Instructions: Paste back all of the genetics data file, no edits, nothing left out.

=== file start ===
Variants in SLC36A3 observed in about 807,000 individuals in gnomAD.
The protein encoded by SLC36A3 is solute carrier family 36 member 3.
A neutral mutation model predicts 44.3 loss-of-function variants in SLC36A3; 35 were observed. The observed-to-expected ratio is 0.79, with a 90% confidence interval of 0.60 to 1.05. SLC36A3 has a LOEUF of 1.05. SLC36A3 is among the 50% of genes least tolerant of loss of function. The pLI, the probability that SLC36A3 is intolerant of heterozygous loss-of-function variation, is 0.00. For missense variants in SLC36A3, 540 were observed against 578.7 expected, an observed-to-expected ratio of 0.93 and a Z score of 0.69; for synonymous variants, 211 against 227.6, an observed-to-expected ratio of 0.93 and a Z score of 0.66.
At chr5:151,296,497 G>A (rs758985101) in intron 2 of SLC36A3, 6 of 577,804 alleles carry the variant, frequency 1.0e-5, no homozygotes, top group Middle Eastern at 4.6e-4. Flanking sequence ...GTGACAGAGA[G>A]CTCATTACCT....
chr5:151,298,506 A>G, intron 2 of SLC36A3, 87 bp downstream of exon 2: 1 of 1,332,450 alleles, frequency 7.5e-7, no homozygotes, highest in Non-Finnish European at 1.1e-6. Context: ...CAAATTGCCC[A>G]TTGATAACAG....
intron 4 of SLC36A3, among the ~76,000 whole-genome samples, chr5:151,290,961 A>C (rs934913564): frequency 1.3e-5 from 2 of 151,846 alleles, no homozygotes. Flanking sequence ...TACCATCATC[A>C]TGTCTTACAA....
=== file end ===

Variants in SLC36A3 observed in about 807,000 individuals in gnomAD.
The protein encoded by SLC36A3 is solute carrier family 36 member 3.
A neutral mutation model predicts 44.3 loss-of-function variants in SLC36A3; 35 were observed. The observed-to-expected ratio is 0.79, with a 90% confidence interval of 0.60 to 1.05. SLC36A3 has a LOEUF of 1.05. SLC36A3 is among the 50% of genes least tolerant of loss of function. The pLI, the probability that SLC36A3 is intolerant of heterozygous loss-of-function variation, is 0.00. For missense variants in SLC36A3, 540 were observed against 578.7 expected, an observed-to-expected ratio of 0.93 and a Z score of 0.69; for synonymous variants, 211 against 227.6, an observed-to-expected ratio of 0.93 and a Z score of 0.66.
At chr5:151,296,497 G>A (rs758985101) in intron 2 of SLC36A3, 6 of 577,804 alleles carry the variant, frequency 1.0e-5, no homozygotes, top group Middle Eastern at 4.6e-4. Flanking sequence ...GTGACAGAGA[G>A]CTCATTACCT....
chr5:151,298,506 A>G, intron 2 of SLC36A3, 87 bp downstream of exon 2: 1 of 1,332,450 alleles, frequency 7.5e-7, no homozygotes, highest in Non-Finnish European at 1.1e-6. Context: ...CAAATTGCCC[A>G]TTGATAACAG....
intron 4 of SLC36A3, among the ~76,000 whole-genome samples, chr5:151,290,961 A>C (rs934913564): frequency 1.3e-5 from 2 of 151,846 alleles, no homozygotes. Flanking sequence ...TACCATCATC[A>C]TGTCTTACAA....